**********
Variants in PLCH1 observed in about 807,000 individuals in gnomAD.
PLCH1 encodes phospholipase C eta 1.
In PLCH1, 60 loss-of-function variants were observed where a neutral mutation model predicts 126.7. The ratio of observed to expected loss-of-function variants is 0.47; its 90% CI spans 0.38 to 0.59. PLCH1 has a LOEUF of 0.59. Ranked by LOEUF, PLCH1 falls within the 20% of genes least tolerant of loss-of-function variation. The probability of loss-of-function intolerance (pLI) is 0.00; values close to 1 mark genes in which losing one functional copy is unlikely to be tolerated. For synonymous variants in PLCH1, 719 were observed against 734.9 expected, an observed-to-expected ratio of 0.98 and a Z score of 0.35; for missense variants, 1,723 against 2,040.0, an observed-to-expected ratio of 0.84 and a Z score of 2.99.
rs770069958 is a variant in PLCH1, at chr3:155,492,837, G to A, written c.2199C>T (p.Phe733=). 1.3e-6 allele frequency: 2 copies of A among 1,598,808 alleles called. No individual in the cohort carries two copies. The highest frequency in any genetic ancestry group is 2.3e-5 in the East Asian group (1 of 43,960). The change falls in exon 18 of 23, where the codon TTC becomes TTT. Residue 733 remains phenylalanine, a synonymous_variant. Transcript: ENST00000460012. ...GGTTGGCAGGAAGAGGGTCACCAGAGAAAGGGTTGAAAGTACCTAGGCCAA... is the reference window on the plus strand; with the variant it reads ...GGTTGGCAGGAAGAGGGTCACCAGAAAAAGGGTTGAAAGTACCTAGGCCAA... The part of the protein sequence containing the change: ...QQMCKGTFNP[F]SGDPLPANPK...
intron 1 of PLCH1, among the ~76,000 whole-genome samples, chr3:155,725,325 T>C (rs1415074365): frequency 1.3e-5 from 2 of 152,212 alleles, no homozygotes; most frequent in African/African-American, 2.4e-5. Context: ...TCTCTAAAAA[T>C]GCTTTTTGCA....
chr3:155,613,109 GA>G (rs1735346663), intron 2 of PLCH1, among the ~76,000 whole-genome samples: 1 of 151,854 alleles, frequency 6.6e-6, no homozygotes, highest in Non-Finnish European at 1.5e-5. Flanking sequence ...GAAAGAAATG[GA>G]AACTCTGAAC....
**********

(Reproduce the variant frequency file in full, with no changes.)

Variants in PLCH1 observed in about 807,000 individuals in gnomAD.
PLCH1 encodes phospholipase C eta 1.
In PLCH1, 60 loss-of-function variants were observed where a neutral mutation model predicts 126.7. The ratio of observed to expected loss-of-function variants is 0.47; its 90% CI spans 0.38 to 0.59. PLCH1 has a LOEUF of 0.59. Ranked by LOEUF, PLCH1 falls within the 20% of genes least tolerant of loss-of-function variation. The probability of loss-of-function intolerance (pLI) is 0.00; values close to 1 mark genes in which losing one functional copy is unlikely to be tolerated. For synonymous variants in PLCH1, 719 were observed against 734.9 expected, an observed-to-expected ratio of 0.98 and a Z score of 0.35; for missense variants, 1,723 against 2,040.0, an observed-to-expected ratio of 0.84 and a Z score of 2.99.
rs770069958 is a variant in PLCH1, at chr3:155,492,837, G to A, written c.2199C>T (p.Phe733=). 1.3e-6 allele frequency: 2 copies of A among 1,598,808 alleles called. No individual in the cohort carries two copies. The highest frequency in any genetic ancestry group is 2.3e-5 in the East Asian group (1 of 43,960). The change falls in exon 18 of 23, where the codon TTC becomes TTT. Residue 733 remains phenylalanine, a synonymous_variant. Transcript: ENST00000460012. ...GGTTGGCAGGAAGAGGGTCACCAGAGAAAGGGTTGAAAGTACCTAGGCCAA... is the reference window on the plus strand; with the variant it reads ...GGTTGGCAGGAAGAGGGTCACCAGAAAAAGGGTTGAAAGTACCTAGGCCAA... The part of the protein sequence containing the change: ...QQMCKGTFNP[F]SGDPLPANPK...
intron 1 of PLCH1, among the ~76,000 whole-genome samples, chr3:155,725,325 T>C (rs1415074365): frequency 1.3e-5 from 2 of 152,212 alleles, no homozygotes; most frequent in African/African-American, 2.4e-5. Context: ...TCTCTAAAAA[T>C]GCTTTTTGCA....
chr3:155,613,109 GA>G (rs1735346663), intron 2 of PLCH1, among the ~76,000 whole-genome samples: 1 of 151,854 alleles, frequency 6.6e-6, no homozygotes, highest in Non-Finnish European at 1.5e-5. Flanking sequence ...GAAAGAAATG[GA>G]AACTCTGAAC....